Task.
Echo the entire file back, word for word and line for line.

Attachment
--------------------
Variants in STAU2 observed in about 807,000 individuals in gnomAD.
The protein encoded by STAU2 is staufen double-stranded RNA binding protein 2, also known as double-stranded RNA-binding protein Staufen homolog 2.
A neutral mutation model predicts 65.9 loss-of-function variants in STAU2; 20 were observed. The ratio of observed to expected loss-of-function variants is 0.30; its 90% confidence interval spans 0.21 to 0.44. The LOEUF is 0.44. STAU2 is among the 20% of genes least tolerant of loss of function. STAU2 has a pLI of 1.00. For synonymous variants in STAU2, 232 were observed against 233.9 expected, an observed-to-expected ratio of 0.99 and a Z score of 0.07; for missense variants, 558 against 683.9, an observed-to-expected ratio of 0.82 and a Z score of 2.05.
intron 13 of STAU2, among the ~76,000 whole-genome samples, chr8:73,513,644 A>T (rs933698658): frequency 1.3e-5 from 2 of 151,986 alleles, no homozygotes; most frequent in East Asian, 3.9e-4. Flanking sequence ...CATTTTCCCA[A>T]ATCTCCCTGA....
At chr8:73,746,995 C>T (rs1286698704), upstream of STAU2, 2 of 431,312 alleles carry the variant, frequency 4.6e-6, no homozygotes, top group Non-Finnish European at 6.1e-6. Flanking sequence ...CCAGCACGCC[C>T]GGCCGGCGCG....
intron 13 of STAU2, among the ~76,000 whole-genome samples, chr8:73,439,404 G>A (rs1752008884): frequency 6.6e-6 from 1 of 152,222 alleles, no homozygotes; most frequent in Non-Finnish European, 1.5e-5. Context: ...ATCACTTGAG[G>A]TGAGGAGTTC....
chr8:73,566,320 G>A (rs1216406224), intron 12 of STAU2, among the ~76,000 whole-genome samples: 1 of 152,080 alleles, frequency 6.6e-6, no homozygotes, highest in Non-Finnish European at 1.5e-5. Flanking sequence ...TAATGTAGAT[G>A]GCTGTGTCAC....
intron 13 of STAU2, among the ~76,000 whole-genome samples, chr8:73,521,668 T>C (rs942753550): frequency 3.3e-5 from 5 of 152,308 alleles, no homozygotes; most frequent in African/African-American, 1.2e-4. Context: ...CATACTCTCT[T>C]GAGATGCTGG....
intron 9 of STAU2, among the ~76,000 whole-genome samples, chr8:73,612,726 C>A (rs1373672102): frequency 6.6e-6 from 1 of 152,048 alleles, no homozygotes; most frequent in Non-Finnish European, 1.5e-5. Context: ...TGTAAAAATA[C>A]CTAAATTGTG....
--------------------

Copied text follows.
Variants in STAU2 observed in about 807,000 individuals in gnomAD.
The protein encoded by STAU2 is staufen double-stranded RNA binding protein 2, also known as double-stranded RNA-binding protein Staufen homolog 2.
A neutral mutation model predicts 65.9 loss-of-function variants in STAU2; 20 were observed. The ratio of observed to expected loss-of-function variants is 0.30; its 90% confidence interval spans 0.21 to 0.44. The LOEUF is 0.44. STAU2 is among the 20% of genes least tolerant of loss of function. STAU2 has a pLI of 1.00. For synonymous variants in STAU2, 232 were observed against 233.9 expected, an observed-to-expected ratio of 0.99 and a Z score of 0.07; for missense variants, 558 against 683.9, an observed-to-expected ratio of 0.82 and a Z score of 2.05.
intron 13 of STAU2, among the ~76,000 whole-genome samples, chr8:73,513,644 A>T (rs933698658): frequency 1.3e-5 from 2 of 151,986 alleles, no homozygotes; most frequent in East Asian, 3.9e-4. Flanking sequence ...CATTTTCCCA[A>T]ATCTCCCTGA....
At chr8:73,746,995 C>T (rs1286698704), upstream of STAU2, 2 of 431,312 alleles carry the variant, frequency 4.6e-6, no homozygotes, top group Non-Finnish European at 6.1e-6. Flanking sequence ...CCAGCACGCC[C>T]GGCCGGCGCG....
intron 13 of STAU2, among the ~76,000 whole-genome samples, chr8:73,439,404 G>A (rs1752008884): frequency 6.6e-6 from 1 of 152,222 alleles, no homozygotes; most frequent in Non-Finnish European, 1.5e-5. Context: ...ATCACTTGAG[G>A]TGAGGAGTTC....
chr8:73,566,320 G>A (rs1216406224), intron 12 of STAU2, among the ~76,000 whole-genome samples: 1 of 152,080 alleles, frequency 6.6e-6, no homozygotes, highest in Non-Finnish European at 1.5e-5. Flanking sequence ...TAATGTAGAT[G>A]GCTGTGTCAC....
intron 13 of STAU2, among the ~76,000 whole-genome samples, chr8:73,521,668 T>C (rs942753550): frequency 3.3e-5 from 5 of 152,308 alleles, no homozygotes; most frequent in African/African-American, 1.2e-4. Context: ...CATACTCTCT[T>C]GAGATGCTGG....
intron 9 of STAU2, among the ~76,000 whole-genome samples, chr8:73,612,726 C>A (rs1373672102): frequency 6.6e-6 from 1 of 152,048 alleles, no homozygotes; most frequent in Non-Finnish European, 1.5e-5. Context: ...TGTAAAAATA[C>A]CTAAATTGTG....